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Live cell imaging zeroes in on cancer cell death

Introduction

It may seem a bit strange to worry about keeping cells alive while you study their death but doing so can allow you to detect important cellular events in real time.

Live cell imaging studies have become increasingly important for understanding how cancer cells escape apoptosis, or cellular suicide. Apoptosis or controlled cell death is the mechanism by which a cell activates its own death and breaks down into small packets of membrane, ready for the immune system to clean up. Sick or unwanted cells are thereby removed to allow healthy growth and development or maintain status quo in the face of extrinsic and intrinsic stressors.

Cell apoptosis usually occurs in response to stressful stimuli — such as the detection of a viral infection or unfixable DNA damage. It may therefore be surprising that cancer cells — harbingers of constant genomic and metabolic stress — often manage to evade cell apoptosis. But carcinogenesis is a complex mechanism that introduces a series of genetic changes in the cell’s nuclear and mitochondrial genome, modifying the cell’s signaling pathways that trigger apoptosis.

How cancer cells evade apoptosis

Human skin demonstrating the relationship between EF5 binding (red, figures A & B) and blood vessels (green; CD31; figure A) or proliferating cells (green; Ki67 - figure B). Blue regions are viable nuclei (Hoechst 33342) (Images courtesy of Dr. Cameron Koch).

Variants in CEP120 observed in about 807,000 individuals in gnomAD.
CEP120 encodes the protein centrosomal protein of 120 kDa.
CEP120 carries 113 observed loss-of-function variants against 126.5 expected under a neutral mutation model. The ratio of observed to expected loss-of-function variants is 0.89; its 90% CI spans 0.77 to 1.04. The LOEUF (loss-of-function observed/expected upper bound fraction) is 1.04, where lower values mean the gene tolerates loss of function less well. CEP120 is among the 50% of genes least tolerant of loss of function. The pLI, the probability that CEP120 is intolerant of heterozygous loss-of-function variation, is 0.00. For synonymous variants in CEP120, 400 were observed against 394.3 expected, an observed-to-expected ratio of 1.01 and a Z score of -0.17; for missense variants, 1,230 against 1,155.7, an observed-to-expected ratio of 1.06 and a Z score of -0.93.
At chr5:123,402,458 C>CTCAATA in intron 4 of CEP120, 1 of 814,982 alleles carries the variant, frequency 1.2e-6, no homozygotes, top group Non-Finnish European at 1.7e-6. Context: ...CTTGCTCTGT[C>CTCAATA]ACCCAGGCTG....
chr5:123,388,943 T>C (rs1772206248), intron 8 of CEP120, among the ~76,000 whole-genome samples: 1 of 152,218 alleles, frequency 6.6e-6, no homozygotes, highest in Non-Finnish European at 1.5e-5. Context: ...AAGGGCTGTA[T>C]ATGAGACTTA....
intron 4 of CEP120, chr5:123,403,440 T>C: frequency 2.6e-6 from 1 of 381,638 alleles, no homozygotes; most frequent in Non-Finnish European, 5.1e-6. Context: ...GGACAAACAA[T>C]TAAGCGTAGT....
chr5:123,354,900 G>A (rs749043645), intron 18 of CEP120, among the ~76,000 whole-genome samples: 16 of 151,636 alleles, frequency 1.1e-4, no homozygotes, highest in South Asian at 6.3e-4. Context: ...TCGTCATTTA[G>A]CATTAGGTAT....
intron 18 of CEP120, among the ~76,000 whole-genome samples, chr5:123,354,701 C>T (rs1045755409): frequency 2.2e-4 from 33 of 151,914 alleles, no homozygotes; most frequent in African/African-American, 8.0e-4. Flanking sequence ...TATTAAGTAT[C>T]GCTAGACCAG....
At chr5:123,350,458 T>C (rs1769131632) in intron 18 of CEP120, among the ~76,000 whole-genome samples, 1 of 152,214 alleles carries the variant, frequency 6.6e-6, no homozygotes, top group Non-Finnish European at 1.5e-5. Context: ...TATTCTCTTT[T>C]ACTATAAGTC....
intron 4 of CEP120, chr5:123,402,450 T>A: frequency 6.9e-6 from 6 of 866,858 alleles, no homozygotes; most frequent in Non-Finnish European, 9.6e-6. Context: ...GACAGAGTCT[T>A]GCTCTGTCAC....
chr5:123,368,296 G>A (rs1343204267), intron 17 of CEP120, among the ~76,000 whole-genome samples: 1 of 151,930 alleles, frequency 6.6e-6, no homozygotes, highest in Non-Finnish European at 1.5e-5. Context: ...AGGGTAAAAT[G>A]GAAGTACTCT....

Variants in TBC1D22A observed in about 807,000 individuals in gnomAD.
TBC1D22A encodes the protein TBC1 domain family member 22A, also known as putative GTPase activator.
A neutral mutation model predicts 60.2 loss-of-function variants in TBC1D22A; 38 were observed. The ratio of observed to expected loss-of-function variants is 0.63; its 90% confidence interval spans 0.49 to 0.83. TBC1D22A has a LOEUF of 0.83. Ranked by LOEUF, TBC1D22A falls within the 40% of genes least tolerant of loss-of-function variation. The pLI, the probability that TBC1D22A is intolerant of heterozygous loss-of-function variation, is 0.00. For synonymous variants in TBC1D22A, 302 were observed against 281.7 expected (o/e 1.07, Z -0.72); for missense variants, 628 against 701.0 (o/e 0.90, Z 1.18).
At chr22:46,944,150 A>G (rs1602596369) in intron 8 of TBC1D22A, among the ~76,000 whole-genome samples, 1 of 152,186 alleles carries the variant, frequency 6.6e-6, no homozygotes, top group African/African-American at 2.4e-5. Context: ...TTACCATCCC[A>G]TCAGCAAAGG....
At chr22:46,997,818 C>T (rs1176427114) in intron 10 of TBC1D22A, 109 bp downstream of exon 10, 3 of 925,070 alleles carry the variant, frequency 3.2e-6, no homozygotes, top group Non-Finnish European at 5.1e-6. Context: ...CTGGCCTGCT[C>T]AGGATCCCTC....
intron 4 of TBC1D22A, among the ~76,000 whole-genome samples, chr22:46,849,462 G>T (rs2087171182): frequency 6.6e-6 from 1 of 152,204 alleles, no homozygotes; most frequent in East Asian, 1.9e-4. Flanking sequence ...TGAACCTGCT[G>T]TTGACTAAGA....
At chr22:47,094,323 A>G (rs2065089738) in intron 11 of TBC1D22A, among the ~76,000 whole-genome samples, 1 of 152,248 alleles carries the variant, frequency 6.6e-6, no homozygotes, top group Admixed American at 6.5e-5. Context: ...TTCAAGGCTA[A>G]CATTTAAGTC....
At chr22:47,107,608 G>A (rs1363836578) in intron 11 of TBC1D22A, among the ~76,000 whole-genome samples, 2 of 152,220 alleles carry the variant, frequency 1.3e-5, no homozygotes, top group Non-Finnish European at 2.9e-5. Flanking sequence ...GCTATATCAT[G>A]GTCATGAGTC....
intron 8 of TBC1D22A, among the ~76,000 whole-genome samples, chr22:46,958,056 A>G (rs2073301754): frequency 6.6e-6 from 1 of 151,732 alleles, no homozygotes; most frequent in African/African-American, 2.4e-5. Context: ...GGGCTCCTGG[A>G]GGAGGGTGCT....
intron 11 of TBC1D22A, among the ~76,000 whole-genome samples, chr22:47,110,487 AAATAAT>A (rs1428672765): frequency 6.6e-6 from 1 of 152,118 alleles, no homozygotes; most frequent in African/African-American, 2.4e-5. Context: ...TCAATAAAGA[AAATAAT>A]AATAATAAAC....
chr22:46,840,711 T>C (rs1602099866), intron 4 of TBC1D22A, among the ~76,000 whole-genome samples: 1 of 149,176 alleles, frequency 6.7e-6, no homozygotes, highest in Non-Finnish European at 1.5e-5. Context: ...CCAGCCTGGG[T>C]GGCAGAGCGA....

When non-cancerous cells are starved of oxygen, the environment becomes hypoxic and this can trigger apoptosis. However, as tumors often have poorly defined vasculatures, cancer cells often develop mechanisms to survive these harsh environments and the resultant apoptotic signaling.

Cancer cells can hijack apoptotic machinery at the transcriptional, translational and post-translational levels. The delicate balance of pro- and anti-apoptotic factors controls the triggering of intrinsic pathways of apoptosis. At the transcriptional level, cancer cells can increase the expression of anti-apoptotic genes or decrease the expression of pro-apoptotic genes. At the translational level, cancer cells can stabilize anti-apoptotic proteins and destabilize pro-apoptotic proteins. At the post-translational level, cancer cells can tag anti- or pro-apoptotic factors with phosphates or ubiquitin to re-direct their function and render them ineffective in inducing apoptosis. This multipronged cellular coup allows cancer cells to escape apoptosis.

Traditional assays for apoptosis

Apoptotic Jurkat cells stained with BioTracker NucView® 488 Green Caspase-3 Dye and CF594 Annexin V (Red).